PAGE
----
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The Geological Society of Nevada is pleased to present another field trip to the Getchell Gold
Region of north central Nevada. While GSN has a history of presenting trips to these mines starting
in the 1980s, each time we visit an area we are able to take a fresh perspective on the geology
and to watch the evolution of the remarkable mineral exploration and mining in the district.
This trip will be no exception. Our trip will tour Twin Creeks Mine, owned by Newmont Mining
Company, the Getchell Mine, owned by Placer Dome, and the Pinson and Preble Mines, owned by
Pinson Mining Company, a partnership of Homestake Mining Company and Barrick Holding
Company. We will also take time to discuss the complex and poorly understood regional geologic
history of this area. The mines and geology are shown on the regional map on page 71.
Mining activity in the Getchell region began with tungsten and gold exploration in the late 1800s.
The Golconda district was organized in 1866 and saw gold production in 1909, and the Potosi
district was organized in 1874, although gold was not discovered there until 1934. Getchell Mines
Inc. was formed in 1936 by U.S. Senator Noble Getchell, and some of the earliest oxide gold mining
in Nevada began there in 1937. During World War II, the Getchell Mine produced tungsten,
arsenic and molybdenum concentrates for the War Board. Claims for the Ogee and Pinson Mine
were staked in 1945 and subsequently developed. Relatives of Clovis Pinson still live in the valley
today. Getchell Mine was one of the first gold mines to develop autoclave technology for roasting
sulfide ores in the 1960s and 1970s, although significant economic production didn’t occur until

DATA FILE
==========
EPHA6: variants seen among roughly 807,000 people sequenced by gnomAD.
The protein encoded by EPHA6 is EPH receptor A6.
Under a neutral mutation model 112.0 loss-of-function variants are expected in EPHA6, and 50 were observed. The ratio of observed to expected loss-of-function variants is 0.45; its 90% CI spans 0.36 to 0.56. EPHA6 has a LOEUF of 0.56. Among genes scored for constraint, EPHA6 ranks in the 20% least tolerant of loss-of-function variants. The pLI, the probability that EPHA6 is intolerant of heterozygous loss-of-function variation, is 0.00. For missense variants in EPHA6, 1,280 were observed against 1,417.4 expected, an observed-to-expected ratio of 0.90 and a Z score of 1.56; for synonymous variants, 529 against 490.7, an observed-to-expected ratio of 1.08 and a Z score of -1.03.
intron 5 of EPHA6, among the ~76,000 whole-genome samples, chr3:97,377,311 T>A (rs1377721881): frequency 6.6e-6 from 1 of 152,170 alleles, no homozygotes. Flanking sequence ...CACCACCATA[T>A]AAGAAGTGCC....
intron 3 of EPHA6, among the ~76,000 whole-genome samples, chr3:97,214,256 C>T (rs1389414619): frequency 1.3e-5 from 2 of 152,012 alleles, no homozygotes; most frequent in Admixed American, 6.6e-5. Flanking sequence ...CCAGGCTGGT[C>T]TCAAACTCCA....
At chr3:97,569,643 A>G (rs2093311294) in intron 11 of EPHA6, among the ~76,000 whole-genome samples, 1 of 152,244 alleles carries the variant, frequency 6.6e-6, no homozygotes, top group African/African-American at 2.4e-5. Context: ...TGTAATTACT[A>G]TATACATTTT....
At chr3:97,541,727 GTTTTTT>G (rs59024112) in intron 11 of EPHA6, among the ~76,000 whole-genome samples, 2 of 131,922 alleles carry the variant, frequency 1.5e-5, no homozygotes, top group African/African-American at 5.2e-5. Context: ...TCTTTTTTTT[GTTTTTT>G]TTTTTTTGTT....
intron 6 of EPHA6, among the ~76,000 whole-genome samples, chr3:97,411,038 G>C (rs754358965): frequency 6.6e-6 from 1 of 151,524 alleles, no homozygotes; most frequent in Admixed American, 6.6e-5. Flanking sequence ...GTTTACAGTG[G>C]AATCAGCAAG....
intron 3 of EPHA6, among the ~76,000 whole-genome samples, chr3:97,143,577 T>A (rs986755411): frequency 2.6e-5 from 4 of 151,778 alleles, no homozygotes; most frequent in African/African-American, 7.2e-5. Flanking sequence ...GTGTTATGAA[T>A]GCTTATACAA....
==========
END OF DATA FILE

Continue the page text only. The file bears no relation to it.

the 1980s. The Preble Deposit was discovered in 1972 by Cordex, early in the development of
bulk mining technology for low grade disseminated gold deposits.
Renewed gold exploration interest in the 1980s led to discovery and development of many new
resources in the area. Pinson began gold production in 1980 and has produced nearly 1,000,000
ounces to date. Getchell operations were reinvigorated by First Miss Gold in the early 1980s,
which led to the discovery and development of significant resources, now totaling as much as 9.4
million contained ounces of gold. The late 1980s gold rush precipitated the impressive discoveries
of the Chimney Creek and Rabbit Creek deposits, now consolidated into the Twin Creeks
Mine, which produced more than 750,000 ounces of gold in 1999. The proven and probable
reserves at Twin Creeks are currently over 8.6 million ounces. All together, the region along the
eastern range front of the Osgood Mountains likely hosts nearly 20 million ounces of gold.
Exploration is actively underway, and there is no reason to think that all the resources of the
region have been uncovered.
While the Getchell region has the second largest district-wide gold endowment in the state, it
probably has the most poorly understood regional geologic history. The relations between
Paleozoic units in the Osgood Mountains and elsewhere in Nevada are not understood. The structural
and tectonic setting of the Paleozoic rocks in the Osgood Mountains contrasts with those of
similar age elsewhere in Nevada. Controversy over the tectonic origins and geologic relations of
the area have been debated for 40 years. New ideas involving the accretion and dislocation of terranes
will be presented and discussed to further stimulate our thinking of the geologic history of
the region, and the origins of the world class mineral deposits hosted in these rocks
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